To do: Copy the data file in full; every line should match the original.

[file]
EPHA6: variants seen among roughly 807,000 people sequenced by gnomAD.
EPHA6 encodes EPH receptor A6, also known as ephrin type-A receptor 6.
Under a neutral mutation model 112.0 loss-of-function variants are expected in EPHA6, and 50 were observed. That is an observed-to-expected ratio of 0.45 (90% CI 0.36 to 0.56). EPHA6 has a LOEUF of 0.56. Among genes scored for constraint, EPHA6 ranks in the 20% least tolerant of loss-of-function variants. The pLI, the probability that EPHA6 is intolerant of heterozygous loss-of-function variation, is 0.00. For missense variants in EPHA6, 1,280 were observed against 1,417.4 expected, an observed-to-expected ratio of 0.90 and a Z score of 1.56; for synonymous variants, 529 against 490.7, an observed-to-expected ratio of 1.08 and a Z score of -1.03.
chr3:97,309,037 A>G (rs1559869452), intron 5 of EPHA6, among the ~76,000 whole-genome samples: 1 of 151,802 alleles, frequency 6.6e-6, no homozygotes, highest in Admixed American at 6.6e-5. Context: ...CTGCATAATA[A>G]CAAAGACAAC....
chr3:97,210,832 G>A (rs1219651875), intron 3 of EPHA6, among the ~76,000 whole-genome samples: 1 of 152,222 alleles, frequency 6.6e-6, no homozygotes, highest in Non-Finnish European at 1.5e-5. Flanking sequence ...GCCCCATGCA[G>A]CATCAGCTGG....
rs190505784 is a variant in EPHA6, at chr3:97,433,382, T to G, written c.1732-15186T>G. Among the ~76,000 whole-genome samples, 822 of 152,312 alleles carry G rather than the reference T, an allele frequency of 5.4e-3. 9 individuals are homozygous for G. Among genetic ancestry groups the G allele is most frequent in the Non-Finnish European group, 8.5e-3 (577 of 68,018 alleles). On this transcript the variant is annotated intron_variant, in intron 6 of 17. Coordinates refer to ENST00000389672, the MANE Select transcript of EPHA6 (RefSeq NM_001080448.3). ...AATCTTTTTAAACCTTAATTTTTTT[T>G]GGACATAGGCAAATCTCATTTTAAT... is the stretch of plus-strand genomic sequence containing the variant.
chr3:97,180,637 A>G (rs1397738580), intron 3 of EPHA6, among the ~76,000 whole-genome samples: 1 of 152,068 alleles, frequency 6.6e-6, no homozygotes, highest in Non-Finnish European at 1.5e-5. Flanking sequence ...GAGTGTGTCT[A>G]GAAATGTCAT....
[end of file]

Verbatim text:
EPHA6: variants seen among roughly 807,000 people sequenced by gnomAD.
EPHA6 encodes EPH receptor A6, also known as ephrin type-A receptor 6.
Under a neutral mutation model 112.0 loss-of-function variants are expected in EPHA6, and 50 were observed. That is an observed-to-expected ratio of 0.45 (90% CI 0.36 to 0.56). EPHA6 has a LOEUF of 0.56. Among genes scored for constraint, EPHA6 ranks in the 20% least tolerant of loss-of-function variants. The pLI, the probability that EPHA6 is intolerant of heterozygous loss-of-function variation, is 0.00. For missense variants in EPHA6, 1,280 were observed against 1,417.4 expected, an observed-to-expected ratio of 0.90 and a Z score of 1.56; for synonymous variants, 529 against 490.7, an observed-to-expected ratio of 1.08 and a Z score of -1.03.
chr3:97,309,037 A>G (rs1559869452), intron 5 of EPHA6, among the ~76,000 whole-genome samples: 1 of 151,802 alleles, frequency 6.6e-6, no homozygotes, highest in Admixed American at 6.6e-5. Context: ...CTGCATAATA[A>G]CAAAGACAAC....
chr3:97,210,832 G>A (rs1219651875), intron 3 of EPHA6, among the ~76,000 whole-genome samples: 1 of 152,222 alleles, frequency 6.6e-6, no homozygotes, highest in Non-Finnish European at 1.5e-5. Flanking sequence ...GCCCCATGCA[G>A]CATCAGCTGG....
rs190505784 is a variant in EPHA6, at chr3:97,433,382, T to G, written c.1732-15186T>G. Among the ~76,000 whole-genome samples, 822 of 152,312 alleles carry G rather than the reference T, an allele frequency of 5.4e-3. 9 individuals are homozygous for G. Among genetic ancestry groups the G allele is most frequent in the Non-Finnish European group, 8.5e-3 (577 of 68,018 alleles). On this transcript the variant is annotated intron_variant, in intron 6 of 17. Coordinates refer to ENST00000389672, the MANE Select transcript of EPHA6 (RefSeq NM_001080448.3). ...AATCTTTTTAAACCTTAATTTTTTT[T>G]GGACATAGGCAAATCTCATTTTAAT... is the stretch of plus-strand genomic sequence containing the variant.
chr3:97,180,637 A>G (rs1397738580), intron 3 of EPHA6, among the ~76,000 whole-genome samples: 1 of 152,068 alleles, frequency 6.6e-6, no homozygotes, highest in Non-Finnish European at 1.5e-5. Flanking sequence ...GAGTGTGTCT[A>G]GAAATGTCAT....